As you have probably guessed, I have written this introduction because I did not have the time of my life in getting through Kenneth Branagh's four hour plus movie, considered by seemingly a lot of people who demand to be taken seriously to be the greatest of all filmed Hamlets. Besides falling asleep several times, which happens to me now during all movies except those most exactly fitted to the workings of my brain, and finding difficulty in keeping up with the dialogue, I was not inspired by any aspect of it, and nothing in it fit with or satisfied any of my pre-existing ideas about the story, which could mean that I understand absolutely nothing about it, though I doubt it. The cast is full of big name stars, including lots of Americans, even in minor parts. For the most part this was a distraction as far as perceiving the characters, who in the long run are more famous and greater personalities than most of the movie stars. There were even people in this that I like, and Gerard Depardieu I thought was pretty good in his part, while the effect of Jack Lemmon and Charlton Heston, who seem by the way like they have been dead for too long to have been in a movie with all of these other people, is just strange. Then there are the people I don't particularly like, Robin Williams, Billy Crystal as the gravedigger (spare me!). Kate Winslet is Ophelia. Since I never like her in anything, I am starting to think that maybe she can't actually act. I know unlikeability is considered something of a virtue now, especially when it is people like me who are doing the unliking, but I never really think she is all that good. However, casting directors love her. I will grant that she looks great naked, and in most of her movies (including this one), they'll put in a scene which requires her to appear in this natural state.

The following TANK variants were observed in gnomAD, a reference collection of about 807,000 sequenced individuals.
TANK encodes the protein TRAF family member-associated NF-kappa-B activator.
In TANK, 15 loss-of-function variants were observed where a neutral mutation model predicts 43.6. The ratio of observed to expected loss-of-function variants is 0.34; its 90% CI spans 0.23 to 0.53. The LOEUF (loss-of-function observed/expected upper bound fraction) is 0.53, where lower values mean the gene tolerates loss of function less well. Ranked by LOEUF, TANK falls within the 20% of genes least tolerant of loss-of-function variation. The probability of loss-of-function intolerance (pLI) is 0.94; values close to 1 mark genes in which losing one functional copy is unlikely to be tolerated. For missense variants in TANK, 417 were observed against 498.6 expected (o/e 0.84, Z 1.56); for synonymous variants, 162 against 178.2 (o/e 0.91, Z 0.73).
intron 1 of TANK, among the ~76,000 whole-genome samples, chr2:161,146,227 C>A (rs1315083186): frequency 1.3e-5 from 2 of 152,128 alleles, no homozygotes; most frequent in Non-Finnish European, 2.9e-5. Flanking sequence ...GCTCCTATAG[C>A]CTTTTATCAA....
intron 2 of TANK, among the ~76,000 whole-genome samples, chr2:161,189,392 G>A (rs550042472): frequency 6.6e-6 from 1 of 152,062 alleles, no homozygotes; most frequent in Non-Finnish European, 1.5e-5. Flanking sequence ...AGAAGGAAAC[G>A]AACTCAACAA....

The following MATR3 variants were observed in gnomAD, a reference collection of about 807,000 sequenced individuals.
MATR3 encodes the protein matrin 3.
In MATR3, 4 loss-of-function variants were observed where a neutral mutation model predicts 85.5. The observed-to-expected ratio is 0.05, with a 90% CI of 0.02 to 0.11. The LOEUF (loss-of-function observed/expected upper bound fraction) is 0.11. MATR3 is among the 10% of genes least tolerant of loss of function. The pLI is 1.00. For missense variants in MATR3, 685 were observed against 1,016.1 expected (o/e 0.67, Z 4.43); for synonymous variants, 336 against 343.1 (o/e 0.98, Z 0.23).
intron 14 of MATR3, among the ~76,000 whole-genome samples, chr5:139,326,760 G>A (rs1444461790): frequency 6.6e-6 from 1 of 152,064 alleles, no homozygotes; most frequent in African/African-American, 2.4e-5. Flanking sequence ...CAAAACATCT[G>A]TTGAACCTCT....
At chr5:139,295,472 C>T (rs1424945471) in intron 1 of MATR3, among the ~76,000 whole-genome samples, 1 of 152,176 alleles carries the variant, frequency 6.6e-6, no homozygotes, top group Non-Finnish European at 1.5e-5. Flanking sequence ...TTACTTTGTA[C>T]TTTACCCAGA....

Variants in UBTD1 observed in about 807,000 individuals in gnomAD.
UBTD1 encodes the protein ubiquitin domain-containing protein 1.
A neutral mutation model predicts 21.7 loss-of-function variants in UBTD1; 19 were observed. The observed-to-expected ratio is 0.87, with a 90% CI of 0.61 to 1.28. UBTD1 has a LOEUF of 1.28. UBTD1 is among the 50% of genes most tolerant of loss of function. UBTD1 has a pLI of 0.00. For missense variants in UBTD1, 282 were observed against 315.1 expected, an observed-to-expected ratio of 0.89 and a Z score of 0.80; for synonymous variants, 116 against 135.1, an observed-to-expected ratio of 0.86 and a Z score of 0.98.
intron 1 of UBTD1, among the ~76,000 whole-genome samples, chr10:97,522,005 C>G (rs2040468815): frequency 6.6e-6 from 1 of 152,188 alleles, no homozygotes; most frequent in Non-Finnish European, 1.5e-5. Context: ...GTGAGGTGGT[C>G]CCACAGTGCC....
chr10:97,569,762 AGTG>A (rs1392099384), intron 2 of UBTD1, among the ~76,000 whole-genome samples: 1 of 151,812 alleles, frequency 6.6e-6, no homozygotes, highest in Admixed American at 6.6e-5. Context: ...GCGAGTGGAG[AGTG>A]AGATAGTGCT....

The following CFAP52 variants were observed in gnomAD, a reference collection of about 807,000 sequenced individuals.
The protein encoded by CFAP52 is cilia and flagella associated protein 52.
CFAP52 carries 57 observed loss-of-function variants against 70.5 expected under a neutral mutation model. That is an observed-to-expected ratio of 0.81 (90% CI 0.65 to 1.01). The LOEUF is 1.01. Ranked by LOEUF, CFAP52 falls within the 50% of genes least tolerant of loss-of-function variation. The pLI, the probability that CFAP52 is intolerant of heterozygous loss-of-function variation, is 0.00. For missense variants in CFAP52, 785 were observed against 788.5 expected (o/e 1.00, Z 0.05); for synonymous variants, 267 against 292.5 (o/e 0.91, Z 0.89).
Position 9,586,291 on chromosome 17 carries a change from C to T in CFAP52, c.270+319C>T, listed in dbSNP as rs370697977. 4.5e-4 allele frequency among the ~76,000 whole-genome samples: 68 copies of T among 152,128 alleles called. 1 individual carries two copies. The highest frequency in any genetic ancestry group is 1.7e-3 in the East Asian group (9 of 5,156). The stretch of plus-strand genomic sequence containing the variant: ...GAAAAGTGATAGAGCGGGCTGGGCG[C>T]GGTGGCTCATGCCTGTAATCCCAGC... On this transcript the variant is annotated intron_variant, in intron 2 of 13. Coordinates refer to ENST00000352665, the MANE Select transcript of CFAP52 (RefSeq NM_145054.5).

I've never liked Kenneth Branagh much either. He plays Hamlet here as a prick who luxuriates in his superior intelligence and facility with words and is aggressively contemptuous of everyone. Of course one can read it this way (Yes, I know you don't read Shakespeare, Shakespeare reads you. Another of my favorite people), and I shouldn't be surprised that your brash, in the arena types would interpret the most important character in world theatre to be temperamentally closer to themselves, just like everyone else does.